The Giglio Boys: Italian Williamsburg

Jun 03, 2022

Hello everyone, I promise my long awaited post on ethnic specific food will arrive soon. I just had something quite delicious (perhaps Italian), but I need to do more “on site” research in advance.

Regardless, I’ve decided to make up for my missed posts by discussing the remaining enclaves.

Out of all, Italian Williamsburg is almost certainly the oldest. Beginning with the 1860’s, Southern Italians arrived in New York City in droves, forming communities all over the metropolitan area. In the case of Williamsburg, immigrants from the city of Nola were the primary Italian group to establish its own Little Italy.

In truth, the history of Northside is quite plain. Italians worked in factories at first, passing on their traditions and language to their children. Due to its age, however, the community overtime became more and more Americanized, leading to assimilation and the decline of Italian identity, supplanted with Italian-American heritage.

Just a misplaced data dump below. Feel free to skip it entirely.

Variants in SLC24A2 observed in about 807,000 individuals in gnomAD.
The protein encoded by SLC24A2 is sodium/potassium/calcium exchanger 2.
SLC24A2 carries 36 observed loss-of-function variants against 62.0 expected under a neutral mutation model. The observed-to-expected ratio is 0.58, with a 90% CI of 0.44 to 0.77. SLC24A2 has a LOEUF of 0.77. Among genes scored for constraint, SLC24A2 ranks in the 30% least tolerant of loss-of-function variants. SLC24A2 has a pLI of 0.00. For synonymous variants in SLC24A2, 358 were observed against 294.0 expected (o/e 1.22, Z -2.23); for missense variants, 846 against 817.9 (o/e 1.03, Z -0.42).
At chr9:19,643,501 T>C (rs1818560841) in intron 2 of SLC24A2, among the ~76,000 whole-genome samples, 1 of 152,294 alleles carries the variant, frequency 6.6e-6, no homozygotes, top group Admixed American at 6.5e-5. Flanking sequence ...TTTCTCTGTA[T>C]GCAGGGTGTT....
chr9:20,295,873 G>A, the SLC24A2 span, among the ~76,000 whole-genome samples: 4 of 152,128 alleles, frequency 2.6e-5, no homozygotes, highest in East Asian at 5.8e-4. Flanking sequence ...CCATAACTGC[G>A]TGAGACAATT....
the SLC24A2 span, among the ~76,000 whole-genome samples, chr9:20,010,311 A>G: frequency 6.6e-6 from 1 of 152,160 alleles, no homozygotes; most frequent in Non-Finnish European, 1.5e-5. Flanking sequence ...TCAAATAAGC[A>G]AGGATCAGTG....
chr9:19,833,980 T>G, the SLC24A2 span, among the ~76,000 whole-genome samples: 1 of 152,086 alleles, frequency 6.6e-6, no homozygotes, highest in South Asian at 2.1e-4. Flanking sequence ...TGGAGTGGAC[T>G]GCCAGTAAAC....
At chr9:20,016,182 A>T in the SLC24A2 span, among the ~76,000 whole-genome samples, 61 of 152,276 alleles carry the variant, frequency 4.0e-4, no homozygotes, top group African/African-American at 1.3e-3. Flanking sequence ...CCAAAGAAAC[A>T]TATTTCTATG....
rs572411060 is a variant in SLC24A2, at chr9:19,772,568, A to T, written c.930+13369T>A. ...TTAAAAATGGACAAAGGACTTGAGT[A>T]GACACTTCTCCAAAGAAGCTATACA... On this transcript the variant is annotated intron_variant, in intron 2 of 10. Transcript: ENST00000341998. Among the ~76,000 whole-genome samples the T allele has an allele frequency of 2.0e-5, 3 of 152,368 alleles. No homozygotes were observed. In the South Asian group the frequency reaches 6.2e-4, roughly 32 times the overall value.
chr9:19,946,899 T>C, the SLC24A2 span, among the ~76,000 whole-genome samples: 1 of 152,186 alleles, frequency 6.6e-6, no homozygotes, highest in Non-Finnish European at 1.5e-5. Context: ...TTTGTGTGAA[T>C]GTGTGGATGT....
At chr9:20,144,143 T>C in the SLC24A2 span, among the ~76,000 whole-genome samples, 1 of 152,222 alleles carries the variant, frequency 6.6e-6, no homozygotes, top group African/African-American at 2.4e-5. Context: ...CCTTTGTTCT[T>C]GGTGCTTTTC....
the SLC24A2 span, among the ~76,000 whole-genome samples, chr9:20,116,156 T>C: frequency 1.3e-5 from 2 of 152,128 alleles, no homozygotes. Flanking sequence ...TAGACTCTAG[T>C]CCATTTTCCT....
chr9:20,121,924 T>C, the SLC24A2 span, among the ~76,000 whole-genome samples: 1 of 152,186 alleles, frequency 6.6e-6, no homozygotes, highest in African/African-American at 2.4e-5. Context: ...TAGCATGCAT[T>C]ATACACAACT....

This process of Americanization was joined by often talked about gentrification, coming into force in the late 90’s. Since then, the community has shrunk considerably, due to old age and moving out.

One enduring tradition, which has yet to be diminished by the aforementioned phenomena, is that of the Giglio festival. Known as the fest of Lilies (Giglio means Lily), the celebration stemmed from the feast of Anthony of Padua, a Portuguese Catholic much celebrated in Southern Italy.

Each year, the local church of Mount Carmel hosts the festival, bringing back many former residents into the city to help with carrying a three ton statue (its weird) around the neighborhood. If you are in the City during the second week of August, I recommend going.

Look forward for another blog post tomorrow!

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